Perhaps the most visible of changes in these areas has been in editing operations. “The editors didn’t want us to build traditional editing suites,” said Tzanis.

He explained that all “lightweight” cuts-only type of editing activities have been moved out of dedicated rooms and into open areas. Without this change, Tzanis says that some 92 conventional edit booths would have been necessary to support the operation. The new configuration cut this number by nearly a third. Closed-off editing suites are still available for more involved projects. Some of the news editing capability also is tapped at times by NBC Sports.

“We made the decision to use Avid’s ISIS system,” Tzanis said. “It’s interfaced with Newscutter XP sans Symphony Nitris. There are a total of 25 open air edit seats and 67 traditional edit rooms.”

To support the combined news operations now housed under one roof, NBC’s news ingest capability was doubled to 40 channels.

“We probably have one of the largest ISIS installations in the U.S.,” said Tzanis. “There are 128 terabytes of storage now, and at the end of November we’ll be adding about 64 more terabytes for backup.”

Screening of raw footage and finished news packages is accommodated by ISIS operating in conjunction with Avid’s Interplay media management system.

Even though the overwhelming majority of video recording and play-out is done via server, there are a number of Sony HDCAM decks available for use in the news operation.

Traditional routing chores are performed by six large Thomson Grass Valley frames—four of these are set up for SD operation and the other two handle high-definition video.


Conventional dedicated graphics workstations have given way to 35 Mac G5 platforms running Adobe Creative Suite software. An additional 10 PCs loaded with Studio Max or Maya are also employed for graphics production. Upwards of 100 graphic artists are needed to keep up with the demands of the combined news operations.

Sony MVS-8000s are used for switching live newscasts and Sony flat screen monitors, driven by Evertz MVP muxing, are used for control room monitoring.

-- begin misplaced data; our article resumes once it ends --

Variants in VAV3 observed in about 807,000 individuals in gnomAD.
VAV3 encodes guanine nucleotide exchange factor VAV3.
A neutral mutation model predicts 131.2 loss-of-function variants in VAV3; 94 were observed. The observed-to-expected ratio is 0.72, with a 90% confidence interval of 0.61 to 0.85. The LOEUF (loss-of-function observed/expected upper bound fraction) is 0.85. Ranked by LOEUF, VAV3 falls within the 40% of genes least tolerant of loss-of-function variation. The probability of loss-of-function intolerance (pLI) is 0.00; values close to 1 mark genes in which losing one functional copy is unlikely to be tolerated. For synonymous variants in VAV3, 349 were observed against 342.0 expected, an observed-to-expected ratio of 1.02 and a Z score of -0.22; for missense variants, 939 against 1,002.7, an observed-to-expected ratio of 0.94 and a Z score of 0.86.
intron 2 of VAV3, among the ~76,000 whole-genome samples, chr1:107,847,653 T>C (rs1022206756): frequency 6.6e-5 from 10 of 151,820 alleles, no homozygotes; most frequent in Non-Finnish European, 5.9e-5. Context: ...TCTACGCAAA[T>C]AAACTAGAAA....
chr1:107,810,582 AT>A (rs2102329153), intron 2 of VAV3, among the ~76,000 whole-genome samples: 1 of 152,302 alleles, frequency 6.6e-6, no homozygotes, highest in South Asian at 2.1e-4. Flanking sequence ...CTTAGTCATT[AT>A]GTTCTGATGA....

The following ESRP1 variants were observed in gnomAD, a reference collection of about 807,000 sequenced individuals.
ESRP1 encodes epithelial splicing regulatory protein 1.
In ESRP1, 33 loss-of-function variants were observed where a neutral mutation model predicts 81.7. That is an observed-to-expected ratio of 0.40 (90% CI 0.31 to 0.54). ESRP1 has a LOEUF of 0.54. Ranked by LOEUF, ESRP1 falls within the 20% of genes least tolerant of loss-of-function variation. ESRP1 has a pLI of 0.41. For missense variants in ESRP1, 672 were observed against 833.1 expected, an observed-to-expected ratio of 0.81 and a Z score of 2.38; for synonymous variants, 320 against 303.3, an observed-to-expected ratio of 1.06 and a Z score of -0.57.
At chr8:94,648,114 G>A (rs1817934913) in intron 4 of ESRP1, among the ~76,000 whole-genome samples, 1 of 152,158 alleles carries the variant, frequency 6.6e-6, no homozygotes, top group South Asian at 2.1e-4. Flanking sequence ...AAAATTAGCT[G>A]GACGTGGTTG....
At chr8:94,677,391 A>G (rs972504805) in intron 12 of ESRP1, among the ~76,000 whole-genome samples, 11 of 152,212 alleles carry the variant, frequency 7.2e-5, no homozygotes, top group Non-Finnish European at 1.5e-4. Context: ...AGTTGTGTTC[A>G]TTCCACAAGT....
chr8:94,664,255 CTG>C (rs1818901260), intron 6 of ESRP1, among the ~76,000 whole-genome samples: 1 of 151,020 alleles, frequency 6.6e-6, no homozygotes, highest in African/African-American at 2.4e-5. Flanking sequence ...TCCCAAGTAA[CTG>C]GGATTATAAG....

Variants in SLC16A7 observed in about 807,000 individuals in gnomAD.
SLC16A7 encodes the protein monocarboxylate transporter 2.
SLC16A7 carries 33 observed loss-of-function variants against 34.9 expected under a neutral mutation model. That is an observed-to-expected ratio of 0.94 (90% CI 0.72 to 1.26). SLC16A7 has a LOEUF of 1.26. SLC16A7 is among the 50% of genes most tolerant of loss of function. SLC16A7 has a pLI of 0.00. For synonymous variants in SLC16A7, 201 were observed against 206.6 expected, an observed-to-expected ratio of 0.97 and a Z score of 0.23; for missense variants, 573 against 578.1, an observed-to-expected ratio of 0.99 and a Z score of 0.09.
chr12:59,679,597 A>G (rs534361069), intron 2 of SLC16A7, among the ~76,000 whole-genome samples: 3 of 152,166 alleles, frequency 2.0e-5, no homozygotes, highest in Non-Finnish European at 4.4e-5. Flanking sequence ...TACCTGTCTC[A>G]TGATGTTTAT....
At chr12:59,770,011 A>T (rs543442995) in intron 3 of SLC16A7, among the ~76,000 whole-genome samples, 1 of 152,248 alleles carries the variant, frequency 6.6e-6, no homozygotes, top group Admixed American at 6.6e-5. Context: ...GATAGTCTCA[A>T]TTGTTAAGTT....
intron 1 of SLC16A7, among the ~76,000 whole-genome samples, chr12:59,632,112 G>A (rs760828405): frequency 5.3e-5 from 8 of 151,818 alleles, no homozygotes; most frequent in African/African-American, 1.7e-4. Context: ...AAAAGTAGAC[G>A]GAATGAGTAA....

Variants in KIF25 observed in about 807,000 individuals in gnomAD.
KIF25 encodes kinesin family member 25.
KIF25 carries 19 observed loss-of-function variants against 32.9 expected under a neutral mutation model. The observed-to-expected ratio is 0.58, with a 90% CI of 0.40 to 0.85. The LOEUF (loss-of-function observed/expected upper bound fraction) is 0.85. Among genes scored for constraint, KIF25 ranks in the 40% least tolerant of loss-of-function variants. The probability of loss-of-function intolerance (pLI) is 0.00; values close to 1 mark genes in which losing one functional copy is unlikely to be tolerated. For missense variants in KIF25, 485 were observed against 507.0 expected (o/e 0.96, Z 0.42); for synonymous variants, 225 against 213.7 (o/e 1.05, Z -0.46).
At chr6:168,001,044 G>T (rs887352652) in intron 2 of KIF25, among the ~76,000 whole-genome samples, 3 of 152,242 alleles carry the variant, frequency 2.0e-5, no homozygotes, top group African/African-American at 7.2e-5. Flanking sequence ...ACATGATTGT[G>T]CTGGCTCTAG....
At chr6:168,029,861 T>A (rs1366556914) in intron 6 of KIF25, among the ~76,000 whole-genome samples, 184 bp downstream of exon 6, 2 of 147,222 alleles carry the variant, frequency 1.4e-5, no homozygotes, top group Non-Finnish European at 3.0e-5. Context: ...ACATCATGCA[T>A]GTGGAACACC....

Audio mixing is handled with Calrec Alpha consoles equipped with Bluefin processing, while high-end audio sweetening is handled by Digidesign consoles and offline chores are accommodated by internal Avid mixing tools.

The two studio areas are each equipped with three pedestal-mounted Sony HDC-1500 cameras fitted with Canon lenses. There’s also a Steadicam-mounted unit for roaming shots. At the present time, robotic camera control is not being used, but Tzanis says that Vinten equipment has been purchased for this purpose and should be ready to use in the first quarter of 2008.

A long-reaching robotic control of sorts is already in place at the news facility. The dish farm at NBC’s Washington, D.C. O&O, WRC-TV was reworked and that teleport is now remotely controlled from 30 Rockefeller Place, some 200 airline miles distant. Two GigE circuits provide connectivity.

News operations are coordinated through nine RTS intercom matrices and some 1,000 attached stations.

As NBC has been broadcasting in one form or another from the Radio City location since 1934, Tzanis was asked if any surprises were encountered in the demolition and reconstruction process.

“We did find some studio lighting fixtures that dated back to the 1930s when we broke through one wall,” he said.


The Oct. 22 ribbon cutting event also marked the relocation of MSNBC news operations and personnel from across the Hudson River in New Jersey to join their colleagues in Manhattan. The combined NBC/MSNBC editorial operations group now operates as a single unit alongside the new studio origination areas.

“Today, all of NBC News’ home base of operations is finally where it should be—under one roof,” said NBC News President Steve Capus. “Not only do we have the most advanced technology, the finest achievements in design and a dizzying array of visual enhancements, but most importantly, our greatest asset, the men and women of NBC News, are all in one place. This is our true strength, and will be the key to our continued success for many, many years to come.”

James E. O'Neal

James E. O’Neal has more than 50 years of experience in the broadcast arena, serving for nearly 37 years as a television broadcast engineer and, following his retirement from that field in 2005, moving into journalism as technology editor for TV Technology for almost the next decade. He continues to provide content for this publication, as well as sister publication Radio World, and others.  He authored the chapter on HF shortwave radio for the 11th Edition of the NAB Engineering Handbook, and serves as editor-in-chief of the IEEE’s Broadcast Technology publication, and as associate editor of the SMPTE Motion Imaging Journal. He is a SMPTE Life Fellow, and a Life Member of the IEEE and the SBE.